Welcome to MedLibrary.org. For best results, we recommend beginning with the navigation links at the top of the page, which can guide you through our collection of over 14,000 medication labels and package inserts. For additional information on other topics which are not covered by our database of medications, just enter your topic in the search box below:
|The Way of All Flesh|
|Directed by||Victor Fleming|
|Produced by||Adolph Zukor
Jesse L. Lasky
|Written by||Perley Poore Sheehan (original story)
Lajos Biro (adaptation)
Frederica Sagor (adaptation)
Jules Furthman (scenario)
|Distributed by||Paramount Pictures|
|Release date(s)||June 25, 1927 (NYC)
October 1, 1927 (US)
|Running time||9 reels; 8,486 feet|
The Way of All Flesh (1927) is a drama film directed by Victor Fleming, written by Lajos Biró, Jules Furthman and Julian Johnson from a story by Perley Poore Sheehan. The film is unrelated to Samuel Butler's novel The Way of All Flesh, and is now considered a lost film.
- Emil Jannings - August Schilling
- Belle Bennett - Mrs. Schilling
- Phyllis Haver - The Temptress
- Donald Keith - August, junior
- Fred Kohler - The Tough
- Philippe De Lacy - August, as a child
- Mickey McBan - Evald
- Betsy Ann Hisle = Charlotte
- Carmencita Johnson - Elizabeth
- Gordon Thorpe - Karl
- Jackie Combs - Heinrich
- Dean Harrell -
- Anne Sheridan - (*not to be confused with Ann Sheridan)
- Nancy Drexel -
- Dorothy Kitchen -
- Philip Sleeman - ?
The film is a melodrama starring Emil Jannings, Belle Bennett, and Phyllis Haver. Jannings won the first Academy Award for Best Actor in a Leading Role for his performance in this film and his performance in The Last Command (the only year that acting Oscars were awarded for multiple performances).
No known copies of this film in its entirety are known to survive, making Jannings' the only Academy Award-winning performance with no known copy, or positive or negative elements, of the film in any private collection or film archive. This is one of Victor Fleming's many lost silent films of the 1920s. Star Emil Jannings won Best Actor in 1929 on the basis of two performances in the first year of the Academy Awards (the only time that occurrence happened), one being The Last Command and the other The Way of All Flesh. Only "fragments", essentially scenes or parts of scenes, remain.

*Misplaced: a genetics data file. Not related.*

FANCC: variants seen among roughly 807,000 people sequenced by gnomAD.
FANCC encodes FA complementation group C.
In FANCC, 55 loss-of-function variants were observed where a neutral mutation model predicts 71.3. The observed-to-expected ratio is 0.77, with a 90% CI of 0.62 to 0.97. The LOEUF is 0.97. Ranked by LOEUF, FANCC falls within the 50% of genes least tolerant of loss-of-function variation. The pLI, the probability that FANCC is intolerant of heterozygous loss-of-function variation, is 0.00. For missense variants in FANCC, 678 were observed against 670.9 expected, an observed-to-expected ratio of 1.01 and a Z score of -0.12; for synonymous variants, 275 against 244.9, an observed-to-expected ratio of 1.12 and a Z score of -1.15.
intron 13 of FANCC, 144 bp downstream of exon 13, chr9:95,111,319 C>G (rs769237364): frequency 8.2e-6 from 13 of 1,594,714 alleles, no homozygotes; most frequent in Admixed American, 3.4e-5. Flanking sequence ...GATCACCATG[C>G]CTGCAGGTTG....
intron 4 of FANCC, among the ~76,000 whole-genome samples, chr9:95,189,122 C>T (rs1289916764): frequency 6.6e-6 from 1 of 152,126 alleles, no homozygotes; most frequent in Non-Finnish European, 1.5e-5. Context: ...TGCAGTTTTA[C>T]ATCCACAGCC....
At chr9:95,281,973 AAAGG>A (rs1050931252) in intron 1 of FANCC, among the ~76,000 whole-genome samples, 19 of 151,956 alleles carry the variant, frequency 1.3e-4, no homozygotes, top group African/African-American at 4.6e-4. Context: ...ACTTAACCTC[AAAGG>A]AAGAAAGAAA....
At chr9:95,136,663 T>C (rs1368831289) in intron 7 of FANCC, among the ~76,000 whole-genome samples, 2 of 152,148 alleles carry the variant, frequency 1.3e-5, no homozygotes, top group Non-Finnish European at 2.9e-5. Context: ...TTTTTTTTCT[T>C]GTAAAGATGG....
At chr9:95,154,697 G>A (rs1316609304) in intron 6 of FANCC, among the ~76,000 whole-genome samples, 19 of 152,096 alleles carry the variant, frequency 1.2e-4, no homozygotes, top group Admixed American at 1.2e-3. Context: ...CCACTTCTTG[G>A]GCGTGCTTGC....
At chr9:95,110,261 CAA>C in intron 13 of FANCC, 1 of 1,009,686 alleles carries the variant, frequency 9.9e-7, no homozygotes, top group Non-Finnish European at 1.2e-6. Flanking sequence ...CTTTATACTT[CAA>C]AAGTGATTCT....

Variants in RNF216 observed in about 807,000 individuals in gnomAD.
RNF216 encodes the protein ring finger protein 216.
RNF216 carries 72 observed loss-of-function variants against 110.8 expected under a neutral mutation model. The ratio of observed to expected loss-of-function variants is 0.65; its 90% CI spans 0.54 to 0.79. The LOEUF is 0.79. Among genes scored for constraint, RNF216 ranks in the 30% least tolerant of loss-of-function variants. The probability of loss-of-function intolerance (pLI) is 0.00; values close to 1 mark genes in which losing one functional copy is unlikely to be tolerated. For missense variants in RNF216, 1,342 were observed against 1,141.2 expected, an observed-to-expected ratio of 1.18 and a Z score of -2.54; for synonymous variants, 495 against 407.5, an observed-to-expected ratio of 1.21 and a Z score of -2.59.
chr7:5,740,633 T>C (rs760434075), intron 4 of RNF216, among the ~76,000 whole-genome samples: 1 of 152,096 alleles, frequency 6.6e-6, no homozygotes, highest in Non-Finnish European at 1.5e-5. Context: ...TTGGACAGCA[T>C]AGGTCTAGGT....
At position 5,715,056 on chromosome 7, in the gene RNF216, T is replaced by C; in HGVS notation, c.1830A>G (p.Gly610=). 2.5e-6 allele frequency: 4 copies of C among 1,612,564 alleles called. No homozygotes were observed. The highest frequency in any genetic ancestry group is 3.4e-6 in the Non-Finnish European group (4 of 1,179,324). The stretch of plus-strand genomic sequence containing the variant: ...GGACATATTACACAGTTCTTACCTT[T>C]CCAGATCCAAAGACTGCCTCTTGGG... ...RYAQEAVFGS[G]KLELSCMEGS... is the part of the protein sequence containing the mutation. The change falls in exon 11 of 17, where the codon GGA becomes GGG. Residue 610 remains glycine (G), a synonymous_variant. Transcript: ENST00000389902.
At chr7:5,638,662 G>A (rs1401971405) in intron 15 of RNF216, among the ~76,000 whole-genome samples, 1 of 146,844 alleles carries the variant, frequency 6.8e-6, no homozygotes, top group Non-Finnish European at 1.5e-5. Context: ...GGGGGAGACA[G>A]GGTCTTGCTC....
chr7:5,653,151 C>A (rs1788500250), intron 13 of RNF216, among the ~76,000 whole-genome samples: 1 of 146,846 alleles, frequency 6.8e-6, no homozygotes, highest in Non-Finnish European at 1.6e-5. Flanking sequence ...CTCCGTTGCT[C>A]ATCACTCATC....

In the story, which opens in the early 1900s, Jannings plays August Schiller, a bank clerk in Milwaukee who is happy with both his job and his family. But when bank officials ask him to transport $1,000 in securities to Chicago, he meets a blond seductress on the train, who sees what he is carrying. She flirts with him, convinces him to buy her a bottle of champagne, and takes him to a saloon run by a crook. The next morning he awakes alone in a dilapidated bedroom, without the securities. He finds the woman, and at first pleads with her, then intimidates her to return the stolen securities. He is knocked unconscious by the saloon owner and dragged to a nearby railroad track.
As the crook strips him of everything that might lead to his identification, Schiller recovers consciousness, and in a struggle the crook is thrown into the path of an oncoming train and killed. Schiller flees, and in despair is about to take is own life, when he sees in a newspaper that he is supposedly dead, the crook's mangled body having been identified as Schiller's. The time passes to twenty years later. Schiller is aged and unkempt, employed to pick up trash in a park. He sees his own family go to a cemetery and place a wreath on his grave. Following other scenes in a Christmas snowstorm, Schiller makes his way to his former home, where he sees that the son whom he had taught to play violin is now a successful musician. He walks away, carrying in his pocket a dollar that his son has given him, not recognizing that the old tramp is his father.
In her 1999 autobiography, Frederica Maas claimed that the idea for the movie had been stolen from her and her husband, Ernest Maas. She said the story was based on the life of her husband's father, who had similarly abandoned his family after making horrible mistakes in his personal life. They named the script "Beefsteak Joe" and presented it to Emil Jannings. As a fellow German-American, Ernest had thought Jannings would help them get the script made into a movie. Instead they were shocked to learn that it had been stolen and produced without any credit or remuneration. The fact that it became an award-winning film only aggravated the situation.